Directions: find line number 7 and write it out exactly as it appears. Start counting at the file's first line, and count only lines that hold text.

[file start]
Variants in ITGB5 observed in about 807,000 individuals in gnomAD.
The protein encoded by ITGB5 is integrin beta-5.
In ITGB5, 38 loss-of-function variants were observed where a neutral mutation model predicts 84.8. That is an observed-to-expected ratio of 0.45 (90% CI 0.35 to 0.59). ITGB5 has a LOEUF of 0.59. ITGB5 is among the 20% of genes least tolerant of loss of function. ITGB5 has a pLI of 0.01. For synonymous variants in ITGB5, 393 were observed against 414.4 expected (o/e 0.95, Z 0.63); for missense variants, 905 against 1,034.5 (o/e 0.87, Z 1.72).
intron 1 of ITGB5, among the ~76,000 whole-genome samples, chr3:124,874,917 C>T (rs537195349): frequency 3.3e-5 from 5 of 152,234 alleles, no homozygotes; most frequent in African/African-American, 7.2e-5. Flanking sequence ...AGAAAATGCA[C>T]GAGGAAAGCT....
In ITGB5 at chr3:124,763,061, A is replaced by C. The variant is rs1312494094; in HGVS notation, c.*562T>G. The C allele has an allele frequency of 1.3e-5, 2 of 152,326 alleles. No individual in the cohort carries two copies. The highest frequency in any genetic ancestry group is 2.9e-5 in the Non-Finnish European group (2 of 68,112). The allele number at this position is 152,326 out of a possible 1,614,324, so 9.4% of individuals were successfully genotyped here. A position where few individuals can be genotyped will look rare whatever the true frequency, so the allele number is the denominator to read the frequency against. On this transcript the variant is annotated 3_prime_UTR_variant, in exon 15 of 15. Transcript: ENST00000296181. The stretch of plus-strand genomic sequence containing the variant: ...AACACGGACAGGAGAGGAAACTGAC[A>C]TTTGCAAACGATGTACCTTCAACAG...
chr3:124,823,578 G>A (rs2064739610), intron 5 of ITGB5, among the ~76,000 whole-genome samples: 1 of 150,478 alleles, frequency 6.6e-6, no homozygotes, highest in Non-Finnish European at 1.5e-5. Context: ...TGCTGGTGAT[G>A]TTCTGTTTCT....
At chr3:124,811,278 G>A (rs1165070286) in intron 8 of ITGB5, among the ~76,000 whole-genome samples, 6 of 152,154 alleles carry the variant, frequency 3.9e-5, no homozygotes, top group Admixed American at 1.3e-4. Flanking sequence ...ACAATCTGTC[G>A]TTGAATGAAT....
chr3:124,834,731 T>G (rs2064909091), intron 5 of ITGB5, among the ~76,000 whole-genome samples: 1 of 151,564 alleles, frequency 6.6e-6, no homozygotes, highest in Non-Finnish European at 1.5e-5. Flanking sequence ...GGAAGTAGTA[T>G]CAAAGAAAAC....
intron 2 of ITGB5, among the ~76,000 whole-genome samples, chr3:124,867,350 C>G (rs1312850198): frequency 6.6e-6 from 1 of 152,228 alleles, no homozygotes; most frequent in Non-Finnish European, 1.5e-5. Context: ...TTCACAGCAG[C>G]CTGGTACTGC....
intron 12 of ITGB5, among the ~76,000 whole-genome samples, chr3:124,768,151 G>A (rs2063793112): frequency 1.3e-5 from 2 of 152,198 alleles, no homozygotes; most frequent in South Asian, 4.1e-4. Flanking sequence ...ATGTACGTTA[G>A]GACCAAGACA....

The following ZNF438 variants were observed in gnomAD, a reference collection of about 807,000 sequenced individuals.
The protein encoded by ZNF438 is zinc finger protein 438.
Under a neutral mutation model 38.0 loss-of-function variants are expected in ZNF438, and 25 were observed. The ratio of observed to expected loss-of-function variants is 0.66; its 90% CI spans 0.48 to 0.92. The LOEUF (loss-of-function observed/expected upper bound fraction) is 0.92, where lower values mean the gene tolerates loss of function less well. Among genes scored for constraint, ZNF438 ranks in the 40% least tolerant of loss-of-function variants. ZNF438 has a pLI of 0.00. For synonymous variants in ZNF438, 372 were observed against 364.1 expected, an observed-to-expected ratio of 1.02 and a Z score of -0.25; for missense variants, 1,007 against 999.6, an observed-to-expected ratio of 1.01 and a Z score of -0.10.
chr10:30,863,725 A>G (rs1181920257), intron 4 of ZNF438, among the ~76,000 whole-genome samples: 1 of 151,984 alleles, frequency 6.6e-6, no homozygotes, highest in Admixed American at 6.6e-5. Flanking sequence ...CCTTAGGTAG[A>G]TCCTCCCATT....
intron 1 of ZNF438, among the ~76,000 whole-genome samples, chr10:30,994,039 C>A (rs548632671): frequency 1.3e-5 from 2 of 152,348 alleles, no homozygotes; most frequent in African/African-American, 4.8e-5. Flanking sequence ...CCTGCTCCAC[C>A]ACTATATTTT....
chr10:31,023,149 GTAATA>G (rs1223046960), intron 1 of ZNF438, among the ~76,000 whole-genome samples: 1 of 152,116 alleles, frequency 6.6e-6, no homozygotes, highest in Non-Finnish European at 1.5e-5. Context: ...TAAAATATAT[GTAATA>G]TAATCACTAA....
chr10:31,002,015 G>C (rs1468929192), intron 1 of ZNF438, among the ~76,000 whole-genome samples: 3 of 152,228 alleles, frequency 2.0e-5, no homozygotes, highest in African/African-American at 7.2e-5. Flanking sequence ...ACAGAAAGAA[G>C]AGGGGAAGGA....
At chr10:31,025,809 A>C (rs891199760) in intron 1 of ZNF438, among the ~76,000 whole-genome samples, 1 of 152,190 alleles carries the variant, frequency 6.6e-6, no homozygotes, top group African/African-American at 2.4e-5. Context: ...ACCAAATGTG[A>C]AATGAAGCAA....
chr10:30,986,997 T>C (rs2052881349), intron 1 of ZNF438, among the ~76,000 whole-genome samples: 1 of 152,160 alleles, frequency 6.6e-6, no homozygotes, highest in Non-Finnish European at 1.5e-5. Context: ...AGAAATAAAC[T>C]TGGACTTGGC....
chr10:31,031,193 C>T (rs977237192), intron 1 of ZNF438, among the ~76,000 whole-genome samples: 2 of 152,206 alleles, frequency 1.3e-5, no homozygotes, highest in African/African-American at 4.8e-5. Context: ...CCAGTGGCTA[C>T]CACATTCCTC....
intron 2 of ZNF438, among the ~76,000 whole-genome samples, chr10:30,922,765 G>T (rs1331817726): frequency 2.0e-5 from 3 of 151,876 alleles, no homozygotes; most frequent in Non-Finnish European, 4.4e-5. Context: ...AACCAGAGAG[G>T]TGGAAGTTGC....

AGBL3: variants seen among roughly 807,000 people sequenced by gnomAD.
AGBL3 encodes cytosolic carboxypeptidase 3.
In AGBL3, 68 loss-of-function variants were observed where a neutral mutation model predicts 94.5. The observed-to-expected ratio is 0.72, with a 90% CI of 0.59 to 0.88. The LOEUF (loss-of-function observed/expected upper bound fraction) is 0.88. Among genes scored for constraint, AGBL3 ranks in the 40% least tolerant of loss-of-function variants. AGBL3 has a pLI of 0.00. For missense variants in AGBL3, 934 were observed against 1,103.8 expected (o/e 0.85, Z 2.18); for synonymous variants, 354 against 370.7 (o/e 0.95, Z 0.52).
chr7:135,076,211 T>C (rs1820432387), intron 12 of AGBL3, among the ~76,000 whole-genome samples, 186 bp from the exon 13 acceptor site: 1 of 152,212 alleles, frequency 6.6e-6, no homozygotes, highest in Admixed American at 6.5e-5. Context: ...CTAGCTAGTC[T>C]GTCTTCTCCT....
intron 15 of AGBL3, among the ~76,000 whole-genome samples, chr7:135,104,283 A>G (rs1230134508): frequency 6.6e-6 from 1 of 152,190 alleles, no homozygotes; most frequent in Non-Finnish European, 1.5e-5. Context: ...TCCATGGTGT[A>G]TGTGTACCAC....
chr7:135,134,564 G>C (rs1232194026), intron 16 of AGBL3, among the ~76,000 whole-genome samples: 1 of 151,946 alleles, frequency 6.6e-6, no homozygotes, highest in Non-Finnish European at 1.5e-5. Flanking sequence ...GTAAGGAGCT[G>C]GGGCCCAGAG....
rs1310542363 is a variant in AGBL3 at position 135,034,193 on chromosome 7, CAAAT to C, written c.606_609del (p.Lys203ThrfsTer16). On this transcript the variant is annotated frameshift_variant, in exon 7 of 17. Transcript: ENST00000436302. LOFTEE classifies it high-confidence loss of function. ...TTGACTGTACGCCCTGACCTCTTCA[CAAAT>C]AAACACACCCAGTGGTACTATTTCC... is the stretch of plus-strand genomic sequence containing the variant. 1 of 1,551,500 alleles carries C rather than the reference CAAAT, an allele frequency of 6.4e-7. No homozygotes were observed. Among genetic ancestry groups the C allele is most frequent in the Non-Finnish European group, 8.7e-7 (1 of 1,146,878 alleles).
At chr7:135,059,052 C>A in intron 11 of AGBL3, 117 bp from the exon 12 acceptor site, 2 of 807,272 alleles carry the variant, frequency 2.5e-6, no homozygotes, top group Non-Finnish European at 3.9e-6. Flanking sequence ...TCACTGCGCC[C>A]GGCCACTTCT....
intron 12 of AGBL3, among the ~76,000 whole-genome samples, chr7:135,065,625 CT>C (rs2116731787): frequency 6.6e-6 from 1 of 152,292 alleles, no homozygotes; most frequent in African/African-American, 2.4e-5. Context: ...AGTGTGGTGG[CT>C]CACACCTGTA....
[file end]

At chr3:124,811,278 G>A (rs1165070286) in intron 8 of ITGB5, among the ~76,000 whole-genome samples, 6 of 152,154 alleles carry the variant, frequency 3.9e-5, no homozygotes, top group Admixed American at 1.3e-4. Flanking sequence ...ACAATCTGTC[G>A]TTGAATGAAT....